Hosting MLS All-Star Game good first step to re-ignite Chicago's soccer interest

Major League Soccer announced Tuesday at Soldier Field that it is taking the first step toward making Chicago a soccer town again.

Of course, commissioner Don Garber didn't exactly say it that way when he announced that the MLS All-Star Game will be played Aug. 2 at Soldier Field with the Chicago Fire as host.

"We thought it was a great opportunity to sort of celebrate the Fire's 20th anniversary," Garber said. "A way to bring some excitement to this city with our sport, similar to what we did with the Copa America (last summer)."

But the truth is pro soccer has been a dying sport in Chicago since 2009.

Bringing the MLS All-Star Game - along with a "top-five team in the world" (rumored to be Real Madrid) - is the league's way of sparking interest in the game here.

"I've never looked at it as a reboot," Fire chief operating officer Atul Khosla said. "There are no handouts in the league. We have built for the last five years a tremendous soccer community, whether it is at the youth level all the way to the pro level. ... This, I think, allows us to really put a spotlight on all of those programs and reach a much larger audience and grow the fan base."

The Fire hasn't been relevant - in Chicago or MLS - since 2009's conference title game, when fans packed Toyota Park and the atmosphere in Bridgeview was electric.

Last year the Fire finished 19th in a 20-team league in announced attendance, averaging 15,602 fans a game, according to MLS stats.

"This team has done a lot more than they get credit for," Garber said. "It's something that personally disappoints me. The club has its challenges with the facility and some of the issues that are related to that. But we have very few owners that are as committed to our league and their club as Andrew Hauptman is. If this game can help celebrate that and their anniversary, I'm all for it."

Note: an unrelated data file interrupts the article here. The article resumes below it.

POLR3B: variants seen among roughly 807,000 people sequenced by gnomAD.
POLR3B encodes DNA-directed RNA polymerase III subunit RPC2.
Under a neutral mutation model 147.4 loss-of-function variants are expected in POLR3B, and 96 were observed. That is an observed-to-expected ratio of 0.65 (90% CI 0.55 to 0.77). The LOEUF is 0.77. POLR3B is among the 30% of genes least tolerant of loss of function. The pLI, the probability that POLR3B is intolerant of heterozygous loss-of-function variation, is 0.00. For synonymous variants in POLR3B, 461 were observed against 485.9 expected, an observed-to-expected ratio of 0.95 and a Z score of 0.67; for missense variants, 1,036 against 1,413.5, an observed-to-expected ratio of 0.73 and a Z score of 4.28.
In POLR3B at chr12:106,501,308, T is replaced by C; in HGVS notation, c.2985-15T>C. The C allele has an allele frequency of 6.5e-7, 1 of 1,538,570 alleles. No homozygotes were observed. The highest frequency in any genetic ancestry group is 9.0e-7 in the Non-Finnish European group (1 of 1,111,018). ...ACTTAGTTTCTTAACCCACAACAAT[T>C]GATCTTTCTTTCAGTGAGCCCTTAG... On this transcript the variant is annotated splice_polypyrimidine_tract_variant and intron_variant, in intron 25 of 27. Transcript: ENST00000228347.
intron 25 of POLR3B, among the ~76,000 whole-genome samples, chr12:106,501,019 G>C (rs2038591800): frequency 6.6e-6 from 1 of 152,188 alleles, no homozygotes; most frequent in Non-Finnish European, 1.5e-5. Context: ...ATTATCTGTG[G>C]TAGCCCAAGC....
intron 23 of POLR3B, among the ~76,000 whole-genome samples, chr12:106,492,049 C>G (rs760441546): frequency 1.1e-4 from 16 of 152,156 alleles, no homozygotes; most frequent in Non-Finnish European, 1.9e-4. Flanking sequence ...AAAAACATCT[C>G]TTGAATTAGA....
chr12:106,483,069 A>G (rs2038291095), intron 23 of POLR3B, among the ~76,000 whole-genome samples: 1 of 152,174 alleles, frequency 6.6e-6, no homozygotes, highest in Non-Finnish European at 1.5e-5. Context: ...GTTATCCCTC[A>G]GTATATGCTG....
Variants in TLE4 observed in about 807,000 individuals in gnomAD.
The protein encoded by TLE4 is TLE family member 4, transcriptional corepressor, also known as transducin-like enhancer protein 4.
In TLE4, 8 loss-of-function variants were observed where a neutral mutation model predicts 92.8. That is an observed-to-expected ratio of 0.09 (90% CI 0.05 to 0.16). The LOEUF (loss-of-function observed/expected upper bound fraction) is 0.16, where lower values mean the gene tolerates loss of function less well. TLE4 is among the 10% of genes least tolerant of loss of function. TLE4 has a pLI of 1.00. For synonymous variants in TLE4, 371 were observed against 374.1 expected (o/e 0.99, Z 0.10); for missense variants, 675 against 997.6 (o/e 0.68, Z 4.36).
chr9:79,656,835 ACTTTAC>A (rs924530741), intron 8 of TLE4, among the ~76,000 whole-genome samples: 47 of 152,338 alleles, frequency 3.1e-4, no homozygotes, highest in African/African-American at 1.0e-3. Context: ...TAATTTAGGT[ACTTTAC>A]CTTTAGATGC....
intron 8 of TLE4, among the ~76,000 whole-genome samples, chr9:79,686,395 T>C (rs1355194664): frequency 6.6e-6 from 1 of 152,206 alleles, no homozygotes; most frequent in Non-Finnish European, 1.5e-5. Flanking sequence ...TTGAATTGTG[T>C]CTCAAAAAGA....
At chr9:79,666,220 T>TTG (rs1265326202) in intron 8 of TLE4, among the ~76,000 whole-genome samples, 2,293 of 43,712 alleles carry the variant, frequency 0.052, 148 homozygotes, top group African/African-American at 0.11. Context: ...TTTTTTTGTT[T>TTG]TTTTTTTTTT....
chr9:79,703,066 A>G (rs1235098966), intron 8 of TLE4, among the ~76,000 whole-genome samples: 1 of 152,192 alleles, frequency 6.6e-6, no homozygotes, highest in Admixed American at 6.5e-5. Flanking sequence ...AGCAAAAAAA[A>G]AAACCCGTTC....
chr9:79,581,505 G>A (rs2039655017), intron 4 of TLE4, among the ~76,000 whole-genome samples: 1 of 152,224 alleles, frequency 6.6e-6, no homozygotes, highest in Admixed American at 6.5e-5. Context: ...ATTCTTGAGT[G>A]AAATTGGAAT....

The commissioner isn't alone in suggesting the attendance problems are because of Toyota Park's location in Southwest suburban Bridgeview instead of closer to the city's center and public transportation. Or because a stadium lease favors the village.

Don't believe it.

The reason for the dwindling attendance is simple: The Fire finished dead last in the league each of the past two years and has played just one playoff game since 2009. Ownership has been reluctant to make the necessary investments in the club.

A still young and growing league can't allow a doormat in its third-largest market.

"I want to make this crystal clear: We're in the business of trying to grow the sport in our country and to make our teams more popular," Garber said. "And if we can bring an international club and have a 70,000-seat stadium, that has enormous benefit for the Fire and for Toyota Park, because it's just going to create more excitement.

"This is an opportunity for the Fire to be in the middle of something really big."

Chicago sports talk radio is allergic to soccer. The Toyota Park press box isn't as full as it used to be for games. Something had to change, and bringing the all-star game here is a sign the league has had enough.

Another good sign: the Fire's roster finally looks like it might be capable of playing decent soccer and making the MLS playoffs for the first time since 2012.

MLS could have let expansion teams in Atlanta or Minnesota host this game. It could have gone to Orlando City's new stadium. It was more pressing to bring it here.

There is more work required to make the Fire relevant. It will take patience, persistence and, yes, money.

But it can be done as long as the MLS All-Star Game is a first step and not the only step.

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